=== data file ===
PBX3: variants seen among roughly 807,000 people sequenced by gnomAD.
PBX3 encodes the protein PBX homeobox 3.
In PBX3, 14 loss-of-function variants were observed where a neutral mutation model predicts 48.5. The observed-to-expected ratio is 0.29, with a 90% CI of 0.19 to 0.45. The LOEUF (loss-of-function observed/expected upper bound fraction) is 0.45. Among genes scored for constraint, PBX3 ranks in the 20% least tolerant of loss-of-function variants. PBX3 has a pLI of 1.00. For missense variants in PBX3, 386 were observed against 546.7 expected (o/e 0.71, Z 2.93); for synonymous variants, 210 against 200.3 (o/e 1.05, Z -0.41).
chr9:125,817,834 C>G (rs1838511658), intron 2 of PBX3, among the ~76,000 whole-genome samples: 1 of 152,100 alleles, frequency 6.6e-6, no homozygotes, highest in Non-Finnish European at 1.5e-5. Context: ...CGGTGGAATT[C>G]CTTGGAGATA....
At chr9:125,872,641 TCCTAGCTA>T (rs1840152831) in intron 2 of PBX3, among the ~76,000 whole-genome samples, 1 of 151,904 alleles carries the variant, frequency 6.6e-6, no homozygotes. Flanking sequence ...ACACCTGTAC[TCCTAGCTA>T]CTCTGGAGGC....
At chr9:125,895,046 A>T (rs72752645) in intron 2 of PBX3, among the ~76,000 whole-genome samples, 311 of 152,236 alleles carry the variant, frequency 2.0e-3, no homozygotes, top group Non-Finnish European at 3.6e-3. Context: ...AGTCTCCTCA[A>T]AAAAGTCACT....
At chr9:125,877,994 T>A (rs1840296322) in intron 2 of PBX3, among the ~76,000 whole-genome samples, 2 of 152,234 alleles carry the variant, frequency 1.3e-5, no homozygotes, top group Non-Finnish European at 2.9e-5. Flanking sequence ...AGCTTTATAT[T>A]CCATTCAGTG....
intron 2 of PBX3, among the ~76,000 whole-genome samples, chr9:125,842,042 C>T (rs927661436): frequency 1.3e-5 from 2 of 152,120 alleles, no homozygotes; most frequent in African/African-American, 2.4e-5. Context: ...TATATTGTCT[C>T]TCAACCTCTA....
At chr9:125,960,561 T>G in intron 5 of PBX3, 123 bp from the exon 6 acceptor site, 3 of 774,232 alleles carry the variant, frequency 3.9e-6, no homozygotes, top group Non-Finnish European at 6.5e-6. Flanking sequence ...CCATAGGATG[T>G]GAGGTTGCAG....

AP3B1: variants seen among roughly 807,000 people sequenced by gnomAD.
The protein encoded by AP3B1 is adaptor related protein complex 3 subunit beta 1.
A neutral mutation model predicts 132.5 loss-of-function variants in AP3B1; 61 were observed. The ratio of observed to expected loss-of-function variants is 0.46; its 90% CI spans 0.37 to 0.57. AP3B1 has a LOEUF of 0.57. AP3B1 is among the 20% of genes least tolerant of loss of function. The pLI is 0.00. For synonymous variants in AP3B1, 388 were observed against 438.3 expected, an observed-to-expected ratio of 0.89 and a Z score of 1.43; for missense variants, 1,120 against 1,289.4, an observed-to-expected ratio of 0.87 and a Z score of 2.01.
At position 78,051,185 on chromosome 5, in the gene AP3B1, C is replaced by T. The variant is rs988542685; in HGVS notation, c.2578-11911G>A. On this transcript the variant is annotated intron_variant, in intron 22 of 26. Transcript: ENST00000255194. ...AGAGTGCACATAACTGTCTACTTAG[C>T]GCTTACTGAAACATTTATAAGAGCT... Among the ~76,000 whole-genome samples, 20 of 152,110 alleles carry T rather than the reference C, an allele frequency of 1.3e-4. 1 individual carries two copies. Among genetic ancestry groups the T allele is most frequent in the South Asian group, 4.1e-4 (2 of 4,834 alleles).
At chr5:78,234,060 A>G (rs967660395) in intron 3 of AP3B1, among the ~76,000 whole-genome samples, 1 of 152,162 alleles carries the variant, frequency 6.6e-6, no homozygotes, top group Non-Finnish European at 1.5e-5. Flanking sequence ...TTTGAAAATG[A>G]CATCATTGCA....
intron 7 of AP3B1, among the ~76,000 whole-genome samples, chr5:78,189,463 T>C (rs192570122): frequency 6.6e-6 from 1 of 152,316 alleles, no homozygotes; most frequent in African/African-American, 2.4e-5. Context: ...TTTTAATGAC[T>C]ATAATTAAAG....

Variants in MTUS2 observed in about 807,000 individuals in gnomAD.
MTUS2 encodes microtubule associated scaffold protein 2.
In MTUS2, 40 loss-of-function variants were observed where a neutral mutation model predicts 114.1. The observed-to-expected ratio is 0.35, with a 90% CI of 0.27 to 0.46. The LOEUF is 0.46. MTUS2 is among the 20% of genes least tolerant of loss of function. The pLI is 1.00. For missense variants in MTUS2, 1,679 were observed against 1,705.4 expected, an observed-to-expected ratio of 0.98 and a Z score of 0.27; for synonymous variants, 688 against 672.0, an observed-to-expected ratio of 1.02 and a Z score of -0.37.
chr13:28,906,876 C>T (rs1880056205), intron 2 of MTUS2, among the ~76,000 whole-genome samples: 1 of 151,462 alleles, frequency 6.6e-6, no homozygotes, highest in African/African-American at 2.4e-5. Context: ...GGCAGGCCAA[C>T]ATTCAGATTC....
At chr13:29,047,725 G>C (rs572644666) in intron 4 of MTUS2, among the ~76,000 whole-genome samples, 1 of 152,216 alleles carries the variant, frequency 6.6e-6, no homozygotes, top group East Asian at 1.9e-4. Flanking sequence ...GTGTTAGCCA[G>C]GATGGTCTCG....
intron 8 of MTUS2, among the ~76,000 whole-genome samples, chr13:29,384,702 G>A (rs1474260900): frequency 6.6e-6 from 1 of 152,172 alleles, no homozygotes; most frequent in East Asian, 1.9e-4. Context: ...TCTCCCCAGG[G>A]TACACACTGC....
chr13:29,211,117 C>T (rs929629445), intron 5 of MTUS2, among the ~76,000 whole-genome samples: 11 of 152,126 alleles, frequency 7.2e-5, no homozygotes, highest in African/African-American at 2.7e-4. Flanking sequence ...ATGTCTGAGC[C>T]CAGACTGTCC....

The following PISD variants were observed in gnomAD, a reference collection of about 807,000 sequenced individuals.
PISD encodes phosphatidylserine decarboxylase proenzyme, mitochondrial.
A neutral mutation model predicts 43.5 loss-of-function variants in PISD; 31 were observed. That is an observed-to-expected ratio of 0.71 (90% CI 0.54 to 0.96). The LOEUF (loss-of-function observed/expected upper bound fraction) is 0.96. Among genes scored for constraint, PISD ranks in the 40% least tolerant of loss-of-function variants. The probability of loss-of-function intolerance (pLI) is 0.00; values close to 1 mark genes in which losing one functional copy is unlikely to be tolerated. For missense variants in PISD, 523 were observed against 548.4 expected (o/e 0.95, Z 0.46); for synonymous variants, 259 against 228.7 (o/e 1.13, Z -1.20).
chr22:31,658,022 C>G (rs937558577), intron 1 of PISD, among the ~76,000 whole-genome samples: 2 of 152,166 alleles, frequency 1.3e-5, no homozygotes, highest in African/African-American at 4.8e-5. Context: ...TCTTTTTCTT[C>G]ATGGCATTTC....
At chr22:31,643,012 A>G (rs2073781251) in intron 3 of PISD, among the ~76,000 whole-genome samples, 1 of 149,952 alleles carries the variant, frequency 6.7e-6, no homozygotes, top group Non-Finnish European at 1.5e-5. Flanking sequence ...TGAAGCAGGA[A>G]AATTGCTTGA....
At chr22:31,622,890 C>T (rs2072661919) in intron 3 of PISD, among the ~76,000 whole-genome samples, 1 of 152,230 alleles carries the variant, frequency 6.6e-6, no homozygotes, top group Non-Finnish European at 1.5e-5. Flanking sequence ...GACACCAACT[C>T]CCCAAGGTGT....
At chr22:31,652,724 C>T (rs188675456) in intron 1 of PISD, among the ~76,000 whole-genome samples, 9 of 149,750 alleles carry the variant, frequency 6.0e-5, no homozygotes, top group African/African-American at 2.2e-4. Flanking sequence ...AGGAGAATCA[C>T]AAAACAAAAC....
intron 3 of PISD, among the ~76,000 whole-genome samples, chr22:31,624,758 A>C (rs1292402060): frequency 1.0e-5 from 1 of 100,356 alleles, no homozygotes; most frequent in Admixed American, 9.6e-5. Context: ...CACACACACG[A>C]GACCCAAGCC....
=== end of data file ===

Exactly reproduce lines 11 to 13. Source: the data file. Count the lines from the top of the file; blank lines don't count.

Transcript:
The protein encoded by AP3B1 is adaptor related protein complex 3 subunit beta 1.
A neutral mutation model predicts 132.5 loss-of-function variants in AP3B1; 61 were observed. The ratio of observed to expected loss-of-function variants is 0.46; its 90% CI spans 0.37 to 0.57. AP3B1 has a LOEUF of 0.57. AP3B1 is among the 20% of genes least tolerant of loss of function. The pLI is 0.00. For synonymous variants in AP3B1, 388 were observed against 438.3 expected, an observed-to-expected ratio of 0.89 and a Z score of 1.43; for missense variants, 1,120 against 1,289.4, an observed-to-expected ratio of 0.87 and a Z score of 2.01.
At position 78,051,185 on chromosome 5, in the gene AP3B1, C is replaced by T. The variant is rs988542685; in HGVS notation, c.2578-11911G>A. On this transcript the variant is annotated intron_variant, in intron 22 of 26. Transcript: ENST00000255194. ...AGAGTGCACATAACTGTCTACTTAG[C>T]GCTTACTGAAACATTTATAAGAGCT... Among the ~76,000 whole-genome samples, 20 of 152,110 alleles carry T rather than the reference C, an allele frequency of 1.3e-4. 1 individual carries two copies. Among genetic ancestry groups the T allele is most frequent in the South Asian group, 4.1e-4 (2 of 4,834 alleles).